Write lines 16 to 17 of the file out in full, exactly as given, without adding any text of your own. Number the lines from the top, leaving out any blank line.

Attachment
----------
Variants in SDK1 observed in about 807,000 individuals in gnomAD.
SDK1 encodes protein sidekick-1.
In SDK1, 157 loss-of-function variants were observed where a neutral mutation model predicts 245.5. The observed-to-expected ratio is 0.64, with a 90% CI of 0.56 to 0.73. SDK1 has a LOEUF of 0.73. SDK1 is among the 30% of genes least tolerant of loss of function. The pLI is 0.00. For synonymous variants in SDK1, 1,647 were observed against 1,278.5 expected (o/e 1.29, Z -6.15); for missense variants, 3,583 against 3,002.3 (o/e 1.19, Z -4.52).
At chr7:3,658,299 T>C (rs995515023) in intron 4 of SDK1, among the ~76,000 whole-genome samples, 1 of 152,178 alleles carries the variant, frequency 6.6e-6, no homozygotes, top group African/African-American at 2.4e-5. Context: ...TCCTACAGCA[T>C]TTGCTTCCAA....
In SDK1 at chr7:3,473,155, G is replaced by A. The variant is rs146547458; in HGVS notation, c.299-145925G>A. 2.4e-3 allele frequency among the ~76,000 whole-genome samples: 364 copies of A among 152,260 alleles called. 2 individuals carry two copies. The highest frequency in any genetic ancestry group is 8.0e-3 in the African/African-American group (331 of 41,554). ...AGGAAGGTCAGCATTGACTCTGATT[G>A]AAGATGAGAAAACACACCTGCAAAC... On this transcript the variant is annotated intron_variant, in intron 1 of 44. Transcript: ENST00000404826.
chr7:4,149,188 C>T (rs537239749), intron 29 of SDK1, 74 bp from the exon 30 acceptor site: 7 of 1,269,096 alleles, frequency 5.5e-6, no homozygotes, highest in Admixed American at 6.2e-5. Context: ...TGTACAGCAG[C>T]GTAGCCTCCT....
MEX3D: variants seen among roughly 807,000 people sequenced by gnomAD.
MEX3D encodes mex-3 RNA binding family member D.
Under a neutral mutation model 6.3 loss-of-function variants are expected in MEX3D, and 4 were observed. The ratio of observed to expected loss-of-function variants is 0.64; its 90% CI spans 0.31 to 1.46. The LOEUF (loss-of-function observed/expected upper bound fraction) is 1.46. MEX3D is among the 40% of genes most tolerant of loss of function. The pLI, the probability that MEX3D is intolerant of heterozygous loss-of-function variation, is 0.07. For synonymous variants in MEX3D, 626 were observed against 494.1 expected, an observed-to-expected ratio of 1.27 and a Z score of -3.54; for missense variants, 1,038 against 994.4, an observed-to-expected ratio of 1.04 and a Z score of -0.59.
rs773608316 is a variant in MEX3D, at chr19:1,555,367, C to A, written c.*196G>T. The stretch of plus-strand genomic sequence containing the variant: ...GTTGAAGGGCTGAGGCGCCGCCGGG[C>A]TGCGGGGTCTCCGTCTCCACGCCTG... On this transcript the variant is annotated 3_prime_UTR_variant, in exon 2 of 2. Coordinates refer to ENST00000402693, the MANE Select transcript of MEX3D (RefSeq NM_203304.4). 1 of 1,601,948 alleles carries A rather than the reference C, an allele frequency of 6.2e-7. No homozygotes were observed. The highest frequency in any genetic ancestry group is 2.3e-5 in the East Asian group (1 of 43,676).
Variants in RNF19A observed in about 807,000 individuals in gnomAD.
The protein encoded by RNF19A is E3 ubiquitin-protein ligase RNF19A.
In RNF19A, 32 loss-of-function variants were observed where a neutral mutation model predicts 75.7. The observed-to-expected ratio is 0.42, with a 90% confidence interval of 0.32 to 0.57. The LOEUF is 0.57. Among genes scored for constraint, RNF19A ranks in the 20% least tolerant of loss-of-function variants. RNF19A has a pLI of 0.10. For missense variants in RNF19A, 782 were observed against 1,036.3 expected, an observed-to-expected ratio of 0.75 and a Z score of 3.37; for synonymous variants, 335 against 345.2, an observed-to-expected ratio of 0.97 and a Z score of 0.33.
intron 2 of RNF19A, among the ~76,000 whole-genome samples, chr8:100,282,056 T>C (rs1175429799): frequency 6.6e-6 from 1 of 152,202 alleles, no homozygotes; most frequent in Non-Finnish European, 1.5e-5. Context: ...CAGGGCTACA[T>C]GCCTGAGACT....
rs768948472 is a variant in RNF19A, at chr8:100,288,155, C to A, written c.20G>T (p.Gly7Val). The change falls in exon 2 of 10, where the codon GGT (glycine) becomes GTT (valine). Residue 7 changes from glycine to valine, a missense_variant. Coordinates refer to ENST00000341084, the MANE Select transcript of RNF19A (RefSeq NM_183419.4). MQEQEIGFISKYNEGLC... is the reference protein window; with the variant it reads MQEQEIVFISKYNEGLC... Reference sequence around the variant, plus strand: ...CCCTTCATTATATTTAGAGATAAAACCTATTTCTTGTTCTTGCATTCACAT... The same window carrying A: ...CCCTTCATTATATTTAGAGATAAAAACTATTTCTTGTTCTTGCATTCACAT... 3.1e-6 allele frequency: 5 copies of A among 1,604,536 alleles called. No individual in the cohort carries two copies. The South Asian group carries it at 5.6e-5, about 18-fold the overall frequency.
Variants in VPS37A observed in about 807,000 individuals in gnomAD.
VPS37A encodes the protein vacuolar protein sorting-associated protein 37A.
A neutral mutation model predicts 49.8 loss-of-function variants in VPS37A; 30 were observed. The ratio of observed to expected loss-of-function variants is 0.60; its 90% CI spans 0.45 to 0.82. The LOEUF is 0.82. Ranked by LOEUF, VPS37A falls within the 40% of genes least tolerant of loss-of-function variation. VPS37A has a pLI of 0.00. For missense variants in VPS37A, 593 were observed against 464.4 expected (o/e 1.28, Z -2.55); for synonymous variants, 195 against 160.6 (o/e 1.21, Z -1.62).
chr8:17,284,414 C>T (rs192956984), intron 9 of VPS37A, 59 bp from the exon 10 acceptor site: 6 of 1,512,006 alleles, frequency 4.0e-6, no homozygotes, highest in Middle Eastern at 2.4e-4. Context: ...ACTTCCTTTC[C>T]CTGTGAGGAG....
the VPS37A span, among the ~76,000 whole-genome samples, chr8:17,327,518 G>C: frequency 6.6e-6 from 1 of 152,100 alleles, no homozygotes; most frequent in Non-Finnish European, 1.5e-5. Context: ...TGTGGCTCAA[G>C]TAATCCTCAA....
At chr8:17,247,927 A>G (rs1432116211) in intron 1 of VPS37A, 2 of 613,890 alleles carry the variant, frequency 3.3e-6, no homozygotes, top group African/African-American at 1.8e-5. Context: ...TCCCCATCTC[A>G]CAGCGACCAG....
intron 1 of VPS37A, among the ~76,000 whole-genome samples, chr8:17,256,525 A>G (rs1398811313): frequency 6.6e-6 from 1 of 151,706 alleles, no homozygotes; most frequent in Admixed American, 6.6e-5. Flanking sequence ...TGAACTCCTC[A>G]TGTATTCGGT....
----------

Variants in VPS37A observed in about 807,000 individuals in gnomAD.
VPS37A encodes the protein vacuolar protein sorting-associated protein 37A.